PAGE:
Oof. I had an awful dream last night. My subconscious' way of telling me to flush some of these thoughts out of my head.
I never remember the exotic, phantasmagorical dreams — if I have them at all — or the good ones, for that matter. If those happen. I so rarely wake up thinking, "Gosh, that was nice," which leads me to believe my brain has only one setting when I go to sleep: freak out.
It's one of those big switches the mad scientist throws in those old movies, with freak out in all capital letters. A mad scientist lives in my head. This is great.
In my dream, I was home in Kansas City. For what, I don't know. When, I don't know. What I remember was being in my all-white bathroom, primping for the day and packing up my things to come back to Chicago. I got sidetracked, and suddenly I was late. My flight was in 45 minutes, and I was still at home.
The running began.
I was screaming at my mom to drive faster; she was lost in her own city, taking wrong turns and getting distracted, pulling to the side of the road to finish a conversation or admire something in the distance.
When we finally made it to the airport, she and my sister wanted to get a coffee, which meant walking up a staircase befitting an M.C. Escher print. I took a shortcut into the terminal and wound up at the wrong end, frantically searching for ticketing to get my boarding pass. There was a line of children in front of me. I screamed at them, too. When I got to the agent, I realized I didn't have any photo ID.
I had to take the Escheresque stairs after all, screaming again at my coffee-toting family to give me my license down the cavernous corridor full of people and crowded gates.
The worst part: I woke up before I got any closure. Did I make my flight? Did I arrive in Chicago and find the yet-revealed man of my dreams with a bouquet of peonies waiting at baggage claim? Did I miss the flight but have time to grab a coffee with my mom and sister? Did I find one of those children and pummel them to a pint-size pulp, landing myself in jail and leaving my poor cat motherless?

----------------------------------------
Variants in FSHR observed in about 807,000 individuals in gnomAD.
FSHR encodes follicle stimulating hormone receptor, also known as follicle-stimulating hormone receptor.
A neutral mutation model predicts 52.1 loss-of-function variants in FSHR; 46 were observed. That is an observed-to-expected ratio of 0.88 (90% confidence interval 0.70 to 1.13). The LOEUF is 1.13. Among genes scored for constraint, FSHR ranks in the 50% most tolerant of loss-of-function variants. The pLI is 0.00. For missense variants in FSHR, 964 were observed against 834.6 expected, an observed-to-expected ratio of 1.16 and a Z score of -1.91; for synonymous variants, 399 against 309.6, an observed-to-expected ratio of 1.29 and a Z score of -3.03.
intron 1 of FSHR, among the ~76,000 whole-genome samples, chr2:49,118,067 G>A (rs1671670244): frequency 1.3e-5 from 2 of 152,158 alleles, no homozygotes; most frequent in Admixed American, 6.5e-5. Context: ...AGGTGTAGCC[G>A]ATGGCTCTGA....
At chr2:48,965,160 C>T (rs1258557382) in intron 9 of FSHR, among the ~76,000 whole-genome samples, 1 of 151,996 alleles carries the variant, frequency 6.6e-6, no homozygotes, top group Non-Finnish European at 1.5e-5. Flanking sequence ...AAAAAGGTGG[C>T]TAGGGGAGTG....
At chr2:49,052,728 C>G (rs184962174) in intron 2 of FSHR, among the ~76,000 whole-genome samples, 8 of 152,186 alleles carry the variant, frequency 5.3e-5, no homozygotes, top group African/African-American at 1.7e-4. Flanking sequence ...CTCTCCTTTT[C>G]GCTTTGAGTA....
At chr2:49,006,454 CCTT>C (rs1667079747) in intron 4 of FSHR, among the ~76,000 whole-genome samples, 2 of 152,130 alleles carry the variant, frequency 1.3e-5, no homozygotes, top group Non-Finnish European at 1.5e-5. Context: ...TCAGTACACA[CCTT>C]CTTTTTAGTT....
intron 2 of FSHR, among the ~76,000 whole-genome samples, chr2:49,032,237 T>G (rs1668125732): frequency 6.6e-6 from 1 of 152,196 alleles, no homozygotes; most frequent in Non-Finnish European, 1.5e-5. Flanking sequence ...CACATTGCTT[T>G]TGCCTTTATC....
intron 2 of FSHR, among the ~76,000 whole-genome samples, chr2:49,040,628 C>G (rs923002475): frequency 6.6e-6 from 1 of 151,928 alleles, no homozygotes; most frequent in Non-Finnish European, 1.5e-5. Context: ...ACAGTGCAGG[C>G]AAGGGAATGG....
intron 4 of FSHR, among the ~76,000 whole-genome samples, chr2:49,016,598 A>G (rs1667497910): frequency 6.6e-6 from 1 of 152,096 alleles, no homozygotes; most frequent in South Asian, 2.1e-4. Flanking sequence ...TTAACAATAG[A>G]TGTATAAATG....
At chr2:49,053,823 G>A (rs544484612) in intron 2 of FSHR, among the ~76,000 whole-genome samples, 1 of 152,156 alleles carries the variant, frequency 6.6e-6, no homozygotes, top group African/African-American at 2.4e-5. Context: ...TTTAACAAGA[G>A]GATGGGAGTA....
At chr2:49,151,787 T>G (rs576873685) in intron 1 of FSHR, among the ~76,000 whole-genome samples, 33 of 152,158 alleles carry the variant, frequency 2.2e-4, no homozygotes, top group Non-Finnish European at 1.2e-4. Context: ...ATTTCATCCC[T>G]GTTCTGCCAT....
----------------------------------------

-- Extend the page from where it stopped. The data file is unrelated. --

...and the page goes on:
I'll never know.
I'm not one for obsessive dream analysis, but clearly this was a manifestation of my fears that I'll be permanently overwhelmed in this new life I've created, stuck in a limbo of complete badassery and extended-sorority-moment cluelessness. I'm there now, and it's exhausting.
There's never enough time. Things will slip through the cracks. Do. But for the most part, for now, I'm mostly on the badass side of things.
I'm juggling a full-time job and freelance work. I'm powering through impossibly difficult workout classes three times a week. In my two weeks on the job, I haven't killed my cat by sheer negligence. I've even managed to maintain some semblance of a social life.
And I'm still smiling.
Now, if I could just manage to skip the nightmares in those tiny interstices of rest, I'll have it made.
When I fly home to Kansas City next Thursday, I will have my photo ID. I will get to Midway on time; I will wait patiently on line and make friendly conversation with gate agents and TSA personnel. I will take deep breaths and relax my shoulders, knowing I have four days of relaxation, friends and family ahead of me.
And when I get back to work on Monday — my last day as a 27-year-old — I'll kick it back into high gear.
Today: ID? Check. Triple-grande skinny vanilla latte? Check. Workout clothes? Check.
When I get to the office, I will make a to-do list to beat all to-do lists. And I will take as few stairs as possible.